The legendary chickens
of Kumamoto's Amakusa islands
The “Amakusa Daio” which can boast of being the largest bodied local breed of chicken. It stands approximately 90 cm, and a large specimen can reach as much as 7 kg. It is a legendary local breed of chicken, which became extinct at one point in the early Showa Period, in the 1930s, but was revived in 2000. The Amakusa Daio which is bred unconstrained in an environment as close to nature as possible, is characterized by the firm texture of its flesh, free from any overpowering smell. If you wish to sample a light yet delectable savory taste, then we simply have to recommend Mizutaki hot pot, the hot pot dish with its origins in Hakata.
The Amakusa Islands are made up of 120 islands, both large and small. Amakusa in Kumamoto prefecture which is located at the center, is an area filled with the lush verdure of mountain forests. In the mountain area of Itsuwamachi where only the sounds of nature can heard, Mr. Toru Tsutsumida raises 5,500 Amakusa Daio chickens. Mr. Tsutsumida is also the first chicken farmer certified to breed the revived Amakusa Daio breed of chickens in the city of Amakusa. Mr. Tsutsumida who believes that “Breeding the birds so that they can live unconstrained in an environment close to nature is directly linked to the birds being healthy” uses an open style chicken coop with good ventilation and there is a limit to the number of birds per tsubo (3.3 m2) so that the birds are not subject to any stress. The chickens move around the inside of the chicken coop basking contentedly in the sunlight streaming in.
It is said that the roots of Amakusa Daio chickens can be found in China. In the Taisho Period, the chickens were bred all around Amakusa, and the meat was transported to Hakata by chicken meat wholesalers from Shimabara in Nagasaki prefecture, and it was prized as an ingredient for Mizutaki hot pot. However, even though the taste was exceedingly popular, the low breeding rates and the popularization of imported chicken caused a decrease in the number of breeders, leading to the extinction of the breed in the early Showa Period. Kumamoto prefecture started the project to bring back Amakusa Daio chickens in 1992. Relying on existing oil paintings and a scant number of documents, Langshan chickens from China and Shamo and Cochin chickens from Kumamoto were repeatedly mated and singled out leading to success in 2001. Finally in 2004, a revived breed/original breed Amakusa Daio and Kyushu Lord were mated to create the Amakusa Daio for meat by 4 producers including Mr. Tsutsumida. Mr. Tsutsumida started breeding with a total of 150 birds, and he now breeds and ships approximately 9,000 birds, which make up approximately 25% of the total production in Amakusa.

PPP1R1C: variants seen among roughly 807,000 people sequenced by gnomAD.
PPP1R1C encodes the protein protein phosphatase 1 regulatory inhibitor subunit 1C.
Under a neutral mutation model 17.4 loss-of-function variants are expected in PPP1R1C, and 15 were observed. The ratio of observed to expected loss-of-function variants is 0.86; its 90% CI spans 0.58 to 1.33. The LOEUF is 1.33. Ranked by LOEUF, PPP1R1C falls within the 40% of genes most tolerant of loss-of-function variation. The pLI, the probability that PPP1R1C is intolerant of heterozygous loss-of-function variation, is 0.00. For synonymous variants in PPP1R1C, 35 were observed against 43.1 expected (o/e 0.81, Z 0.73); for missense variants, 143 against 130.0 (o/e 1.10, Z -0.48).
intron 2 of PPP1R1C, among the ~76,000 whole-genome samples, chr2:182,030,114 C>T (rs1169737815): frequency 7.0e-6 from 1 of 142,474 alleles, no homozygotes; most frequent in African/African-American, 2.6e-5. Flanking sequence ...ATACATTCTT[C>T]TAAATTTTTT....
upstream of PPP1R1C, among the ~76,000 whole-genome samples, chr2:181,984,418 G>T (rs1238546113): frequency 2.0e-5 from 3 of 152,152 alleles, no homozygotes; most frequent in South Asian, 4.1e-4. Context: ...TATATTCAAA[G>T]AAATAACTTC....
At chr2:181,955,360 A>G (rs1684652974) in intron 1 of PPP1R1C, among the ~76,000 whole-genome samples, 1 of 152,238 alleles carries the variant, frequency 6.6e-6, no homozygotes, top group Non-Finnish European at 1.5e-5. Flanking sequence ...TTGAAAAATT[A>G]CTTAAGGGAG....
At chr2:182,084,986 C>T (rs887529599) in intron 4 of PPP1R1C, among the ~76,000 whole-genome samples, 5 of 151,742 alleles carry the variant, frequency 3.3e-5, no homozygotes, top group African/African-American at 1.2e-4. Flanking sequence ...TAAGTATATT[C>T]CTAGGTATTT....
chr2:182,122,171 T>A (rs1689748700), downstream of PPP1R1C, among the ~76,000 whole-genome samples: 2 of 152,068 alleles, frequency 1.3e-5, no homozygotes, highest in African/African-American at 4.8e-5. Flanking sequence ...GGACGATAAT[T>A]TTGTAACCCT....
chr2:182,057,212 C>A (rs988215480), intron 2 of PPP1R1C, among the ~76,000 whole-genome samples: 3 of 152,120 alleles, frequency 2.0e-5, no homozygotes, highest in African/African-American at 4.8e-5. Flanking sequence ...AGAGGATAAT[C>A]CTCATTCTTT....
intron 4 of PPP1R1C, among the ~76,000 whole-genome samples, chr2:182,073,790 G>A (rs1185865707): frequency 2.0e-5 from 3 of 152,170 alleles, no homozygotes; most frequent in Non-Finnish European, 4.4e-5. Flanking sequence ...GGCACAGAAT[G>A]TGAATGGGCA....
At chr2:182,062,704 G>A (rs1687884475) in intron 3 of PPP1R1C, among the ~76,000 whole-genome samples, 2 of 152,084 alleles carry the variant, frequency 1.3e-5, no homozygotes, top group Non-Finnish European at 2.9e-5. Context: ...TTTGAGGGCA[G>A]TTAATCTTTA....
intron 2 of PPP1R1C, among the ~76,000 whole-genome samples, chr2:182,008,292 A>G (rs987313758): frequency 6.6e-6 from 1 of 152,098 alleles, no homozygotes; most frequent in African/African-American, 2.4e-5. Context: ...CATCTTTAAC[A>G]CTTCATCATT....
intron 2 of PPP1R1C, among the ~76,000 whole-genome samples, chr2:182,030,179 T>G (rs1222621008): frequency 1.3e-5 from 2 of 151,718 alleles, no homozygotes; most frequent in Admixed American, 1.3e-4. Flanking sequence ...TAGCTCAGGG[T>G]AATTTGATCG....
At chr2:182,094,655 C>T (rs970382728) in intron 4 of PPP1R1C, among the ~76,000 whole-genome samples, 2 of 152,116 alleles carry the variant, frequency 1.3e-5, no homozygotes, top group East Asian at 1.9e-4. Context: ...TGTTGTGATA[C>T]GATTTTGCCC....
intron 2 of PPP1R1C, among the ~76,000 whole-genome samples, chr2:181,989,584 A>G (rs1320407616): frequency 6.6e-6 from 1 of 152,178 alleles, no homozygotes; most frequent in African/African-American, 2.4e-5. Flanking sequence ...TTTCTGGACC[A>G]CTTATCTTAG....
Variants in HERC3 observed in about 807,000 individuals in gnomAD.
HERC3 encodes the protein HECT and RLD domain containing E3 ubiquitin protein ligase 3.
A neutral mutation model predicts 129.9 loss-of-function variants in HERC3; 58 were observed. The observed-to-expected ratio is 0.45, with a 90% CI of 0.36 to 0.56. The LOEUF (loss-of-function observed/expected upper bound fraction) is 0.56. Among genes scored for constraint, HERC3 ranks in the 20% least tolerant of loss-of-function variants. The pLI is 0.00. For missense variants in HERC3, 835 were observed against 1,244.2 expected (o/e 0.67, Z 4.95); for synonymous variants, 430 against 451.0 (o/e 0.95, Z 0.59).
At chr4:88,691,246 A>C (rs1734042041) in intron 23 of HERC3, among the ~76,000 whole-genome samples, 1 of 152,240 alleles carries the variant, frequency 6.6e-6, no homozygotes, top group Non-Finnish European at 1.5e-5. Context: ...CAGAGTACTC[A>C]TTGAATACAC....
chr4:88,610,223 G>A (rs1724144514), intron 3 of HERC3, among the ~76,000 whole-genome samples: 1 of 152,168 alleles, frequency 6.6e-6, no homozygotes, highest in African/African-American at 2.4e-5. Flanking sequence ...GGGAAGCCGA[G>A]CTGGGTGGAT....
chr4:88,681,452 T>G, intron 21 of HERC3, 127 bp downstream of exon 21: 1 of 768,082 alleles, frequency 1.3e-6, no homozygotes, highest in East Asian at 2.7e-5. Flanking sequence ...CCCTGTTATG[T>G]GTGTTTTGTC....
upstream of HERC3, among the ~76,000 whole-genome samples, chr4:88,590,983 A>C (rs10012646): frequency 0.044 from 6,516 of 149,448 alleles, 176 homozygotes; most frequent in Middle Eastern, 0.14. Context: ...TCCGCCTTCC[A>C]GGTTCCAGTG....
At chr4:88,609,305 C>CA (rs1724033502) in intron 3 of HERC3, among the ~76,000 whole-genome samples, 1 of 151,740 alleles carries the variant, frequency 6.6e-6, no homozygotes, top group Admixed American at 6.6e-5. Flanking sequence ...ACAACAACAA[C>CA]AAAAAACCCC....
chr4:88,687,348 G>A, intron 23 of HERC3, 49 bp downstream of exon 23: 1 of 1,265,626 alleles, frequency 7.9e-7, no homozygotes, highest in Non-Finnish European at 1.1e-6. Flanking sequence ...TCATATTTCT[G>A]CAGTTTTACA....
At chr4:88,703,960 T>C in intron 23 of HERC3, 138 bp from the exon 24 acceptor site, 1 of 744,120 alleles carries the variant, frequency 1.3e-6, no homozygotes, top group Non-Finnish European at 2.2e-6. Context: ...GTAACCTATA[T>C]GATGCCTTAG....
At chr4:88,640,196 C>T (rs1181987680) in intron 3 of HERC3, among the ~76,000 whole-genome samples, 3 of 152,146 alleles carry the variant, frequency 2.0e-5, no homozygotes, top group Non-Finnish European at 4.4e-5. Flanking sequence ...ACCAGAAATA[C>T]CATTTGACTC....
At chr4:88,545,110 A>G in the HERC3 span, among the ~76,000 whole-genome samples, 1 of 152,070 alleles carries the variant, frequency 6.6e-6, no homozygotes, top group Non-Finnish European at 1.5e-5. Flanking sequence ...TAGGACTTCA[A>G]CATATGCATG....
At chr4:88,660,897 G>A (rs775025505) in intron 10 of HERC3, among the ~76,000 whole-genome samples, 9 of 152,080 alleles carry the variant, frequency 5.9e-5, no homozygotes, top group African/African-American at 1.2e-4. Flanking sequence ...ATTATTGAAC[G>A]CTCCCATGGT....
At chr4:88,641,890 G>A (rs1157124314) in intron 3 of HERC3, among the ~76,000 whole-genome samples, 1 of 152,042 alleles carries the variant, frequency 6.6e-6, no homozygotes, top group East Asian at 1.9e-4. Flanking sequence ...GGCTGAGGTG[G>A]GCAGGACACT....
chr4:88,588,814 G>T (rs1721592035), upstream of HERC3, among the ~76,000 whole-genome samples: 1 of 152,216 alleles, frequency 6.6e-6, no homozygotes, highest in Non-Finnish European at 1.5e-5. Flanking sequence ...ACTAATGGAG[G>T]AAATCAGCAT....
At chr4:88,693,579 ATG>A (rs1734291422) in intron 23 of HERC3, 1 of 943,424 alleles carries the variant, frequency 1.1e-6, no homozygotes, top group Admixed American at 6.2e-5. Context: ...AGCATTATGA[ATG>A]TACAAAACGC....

For the purposes of the protection and safety of the Amakusa Daio species, the traceability of the lineage, breeding methods, etc., for chicks is based on JAS rules for local breeds of chicken and is strictly managed. What Mr. Tsutsumida is most particular about is the “naturally healthy” quality of the chickens. The hygiene of the chicken coop is thoroughly implemented and an original mixture of non-GMO feed is created. Based on the conviction that “A healthy chicken with a sound body does not need medicines,” the chickens are not administered any antibiotics during the breeding period. With the principles of animal welfare in mind, the chickens are bred over a period of approximately 130 days in a comfortable environment before being shipped out. The meat of Amakusa Daio chickens which are bred over a long period whilst being giving a sufficient amount of exercise, is characterized by a just-right springiness that is not too hard, and possesses a superb chewing consistency. Because it does not have an overpowering smell, it produces an outstanding quality soup, which is an additional attraction. “What I would recommend the most is the breast meat. It is not dry and has a moist meat quality.” He adds “By using the meat in Mizutaki hot pot, it allows the diner to savor the complete deliciousness of Amakusa Daio chickens.”
We quickly moved on to the Japanese style bar “Kura” in Amakusa so that we could enjoy Amakusa Daio bred by Mr. Tsutsumida in a Mizutaki hot pot. Mizutaki hot pot is said to have originated in 1905 when a Nagasaki born chef started offering it in Hakata and it is one of Fukuoka’s representative dishes. It is a hot pot dish where chicken and vegetables are boiled in broth made using chicken bones. A sweet fragrance wafts forth from glowing, golden soup heated by simmering. As soon as we put the steaming chicken flesh lightly flavored with a dash of ponzu, the first thing we noticed was the sweet flavor of the fat spreading over our tongue. Whilst we slowly enjoyed chewing on the springy, firm texture of the chicken, the juices flowing from the meat were a deep, powerful savory taste. However, it has a refreshing aftertaste. Normally, cooking makes the breast meat dry, but Mizutaki makes it juicy and melt-in-the-mouth. This is definitely one of Kyushu’s rare taste that we recommend you try in the area it is produced.
You can enjoy the meat of Amakusa Daio chickens bred locally, of course, but also fresh fish dishes cuisine with fish caught in Amakusa and regional specialties made with local agricultural products at very reasonable prices. A popular shop bustling mainly with local customers where reservations are required for weekends.
2-9 Chuoshinmachi, Amakusa,Kumamoto prefecture